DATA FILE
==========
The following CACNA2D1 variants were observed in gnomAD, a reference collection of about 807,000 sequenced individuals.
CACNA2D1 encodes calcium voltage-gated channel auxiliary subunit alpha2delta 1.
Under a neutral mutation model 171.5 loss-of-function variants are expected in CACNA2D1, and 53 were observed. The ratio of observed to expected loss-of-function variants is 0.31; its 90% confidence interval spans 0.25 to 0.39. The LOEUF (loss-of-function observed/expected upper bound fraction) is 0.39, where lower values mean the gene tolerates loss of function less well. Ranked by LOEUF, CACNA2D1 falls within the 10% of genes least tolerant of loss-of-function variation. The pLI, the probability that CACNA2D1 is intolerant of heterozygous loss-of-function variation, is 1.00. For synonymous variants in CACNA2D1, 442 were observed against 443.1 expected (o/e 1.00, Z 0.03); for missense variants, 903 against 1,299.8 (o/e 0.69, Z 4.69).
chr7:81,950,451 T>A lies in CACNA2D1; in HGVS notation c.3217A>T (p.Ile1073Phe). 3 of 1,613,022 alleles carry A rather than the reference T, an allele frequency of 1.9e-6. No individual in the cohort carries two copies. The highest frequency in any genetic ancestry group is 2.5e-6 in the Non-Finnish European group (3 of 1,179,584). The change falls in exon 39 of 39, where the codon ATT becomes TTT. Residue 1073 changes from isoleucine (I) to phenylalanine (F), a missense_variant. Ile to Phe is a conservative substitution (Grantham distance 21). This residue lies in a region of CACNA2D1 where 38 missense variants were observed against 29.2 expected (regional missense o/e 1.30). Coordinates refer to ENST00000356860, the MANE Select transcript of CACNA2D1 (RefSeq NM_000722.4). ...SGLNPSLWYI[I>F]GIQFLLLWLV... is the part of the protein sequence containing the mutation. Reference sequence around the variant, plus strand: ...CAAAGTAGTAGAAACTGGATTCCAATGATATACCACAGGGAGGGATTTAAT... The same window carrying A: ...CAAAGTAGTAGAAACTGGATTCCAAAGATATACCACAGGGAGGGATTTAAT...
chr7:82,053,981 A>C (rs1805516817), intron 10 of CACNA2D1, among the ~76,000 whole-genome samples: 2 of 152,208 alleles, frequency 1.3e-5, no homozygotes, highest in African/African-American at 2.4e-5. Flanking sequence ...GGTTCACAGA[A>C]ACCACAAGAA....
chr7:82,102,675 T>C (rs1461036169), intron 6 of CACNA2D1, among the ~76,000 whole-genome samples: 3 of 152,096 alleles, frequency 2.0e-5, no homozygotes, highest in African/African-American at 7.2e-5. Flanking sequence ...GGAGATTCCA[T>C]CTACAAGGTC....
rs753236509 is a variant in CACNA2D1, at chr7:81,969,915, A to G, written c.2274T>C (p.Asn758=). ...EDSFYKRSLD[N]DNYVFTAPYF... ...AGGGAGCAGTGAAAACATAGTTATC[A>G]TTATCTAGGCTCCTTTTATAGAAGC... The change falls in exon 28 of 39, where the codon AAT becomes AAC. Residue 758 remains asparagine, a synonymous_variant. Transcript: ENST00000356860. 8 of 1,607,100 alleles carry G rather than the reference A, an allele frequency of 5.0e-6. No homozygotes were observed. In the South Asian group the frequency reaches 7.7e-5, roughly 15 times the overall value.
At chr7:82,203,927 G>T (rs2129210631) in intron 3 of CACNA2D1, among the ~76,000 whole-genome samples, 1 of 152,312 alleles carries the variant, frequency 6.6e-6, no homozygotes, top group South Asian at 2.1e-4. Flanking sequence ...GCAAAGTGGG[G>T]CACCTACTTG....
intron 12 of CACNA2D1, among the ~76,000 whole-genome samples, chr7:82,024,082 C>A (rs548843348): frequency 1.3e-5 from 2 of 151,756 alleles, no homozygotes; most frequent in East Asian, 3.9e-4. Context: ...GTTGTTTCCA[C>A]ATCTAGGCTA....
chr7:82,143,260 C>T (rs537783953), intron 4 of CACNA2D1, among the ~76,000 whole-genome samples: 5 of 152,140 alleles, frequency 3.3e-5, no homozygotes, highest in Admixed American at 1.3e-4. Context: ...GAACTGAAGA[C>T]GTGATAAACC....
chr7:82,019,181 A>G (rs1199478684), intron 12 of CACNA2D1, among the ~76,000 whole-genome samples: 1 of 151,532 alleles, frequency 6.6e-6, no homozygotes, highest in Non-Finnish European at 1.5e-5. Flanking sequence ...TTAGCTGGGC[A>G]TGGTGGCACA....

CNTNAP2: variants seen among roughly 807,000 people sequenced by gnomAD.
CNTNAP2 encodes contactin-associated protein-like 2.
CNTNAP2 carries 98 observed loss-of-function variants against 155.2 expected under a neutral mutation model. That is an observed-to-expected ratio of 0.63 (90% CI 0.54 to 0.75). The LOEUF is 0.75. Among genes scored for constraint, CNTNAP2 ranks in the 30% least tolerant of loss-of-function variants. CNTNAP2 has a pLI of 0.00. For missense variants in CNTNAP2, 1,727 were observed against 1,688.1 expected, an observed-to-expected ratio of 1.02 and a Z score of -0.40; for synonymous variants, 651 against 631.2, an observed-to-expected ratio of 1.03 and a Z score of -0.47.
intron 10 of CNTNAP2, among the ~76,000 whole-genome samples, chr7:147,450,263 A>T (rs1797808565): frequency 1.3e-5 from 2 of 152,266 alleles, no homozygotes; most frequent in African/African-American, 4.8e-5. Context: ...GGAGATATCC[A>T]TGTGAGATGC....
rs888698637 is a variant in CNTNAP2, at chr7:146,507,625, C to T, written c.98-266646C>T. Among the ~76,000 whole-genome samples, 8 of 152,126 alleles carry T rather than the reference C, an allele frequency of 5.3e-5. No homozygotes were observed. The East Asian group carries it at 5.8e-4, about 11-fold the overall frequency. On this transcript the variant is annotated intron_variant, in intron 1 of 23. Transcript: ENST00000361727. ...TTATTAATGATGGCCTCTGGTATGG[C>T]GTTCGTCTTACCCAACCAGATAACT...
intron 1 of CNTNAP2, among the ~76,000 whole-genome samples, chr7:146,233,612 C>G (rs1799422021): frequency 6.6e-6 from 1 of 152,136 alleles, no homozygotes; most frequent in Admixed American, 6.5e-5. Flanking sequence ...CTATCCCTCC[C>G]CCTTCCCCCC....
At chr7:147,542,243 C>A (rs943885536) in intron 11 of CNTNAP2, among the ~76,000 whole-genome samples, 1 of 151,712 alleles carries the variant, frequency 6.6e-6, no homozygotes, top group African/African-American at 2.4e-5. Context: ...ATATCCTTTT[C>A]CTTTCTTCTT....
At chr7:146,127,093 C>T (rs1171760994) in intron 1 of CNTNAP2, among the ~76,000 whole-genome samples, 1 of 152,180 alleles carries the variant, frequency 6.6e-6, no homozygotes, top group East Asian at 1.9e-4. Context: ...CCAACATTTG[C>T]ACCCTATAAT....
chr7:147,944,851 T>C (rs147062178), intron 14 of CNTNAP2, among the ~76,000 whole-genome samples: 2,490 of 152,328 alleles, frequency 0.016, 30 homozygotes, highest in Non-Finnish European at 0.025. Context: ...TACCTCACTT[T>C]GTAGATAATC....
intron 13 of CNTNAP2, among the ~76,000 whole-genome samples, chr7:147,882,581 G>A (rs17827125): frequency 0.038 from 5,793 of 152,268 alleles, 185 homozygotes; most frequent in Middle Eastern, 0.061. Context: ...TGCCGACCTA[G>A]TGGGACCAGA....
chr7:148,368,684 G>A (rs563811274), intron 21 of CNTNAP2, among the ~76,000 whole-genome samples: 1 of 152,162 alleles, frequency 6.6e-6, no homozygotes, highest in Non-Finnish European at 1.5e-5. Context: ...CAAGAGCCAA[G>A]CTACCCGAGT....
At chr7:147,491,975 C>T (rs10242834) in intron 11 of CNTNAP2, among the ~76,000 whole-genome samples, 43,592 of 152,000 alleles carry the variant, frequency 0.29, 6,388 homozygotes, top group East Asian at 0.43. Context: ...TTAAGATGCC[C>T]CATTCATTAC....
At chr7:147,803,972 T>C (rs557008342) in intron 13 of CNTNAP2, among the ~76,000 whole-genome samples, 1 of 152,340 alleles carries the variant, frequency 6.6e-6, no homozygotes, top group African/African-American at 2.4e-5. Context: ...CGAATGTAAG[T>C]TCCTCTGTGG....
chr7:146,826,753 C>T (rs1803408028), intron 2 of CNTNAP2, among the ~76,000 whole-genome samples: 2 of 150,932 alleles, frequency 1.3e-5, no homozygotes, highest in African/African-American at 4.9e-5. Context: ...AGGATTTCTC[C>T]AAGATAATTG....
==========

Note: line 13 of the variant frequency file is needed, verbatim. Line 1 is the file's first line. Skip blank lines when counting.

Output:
CNTNAP2 encodes contactin-associated protein-like 2.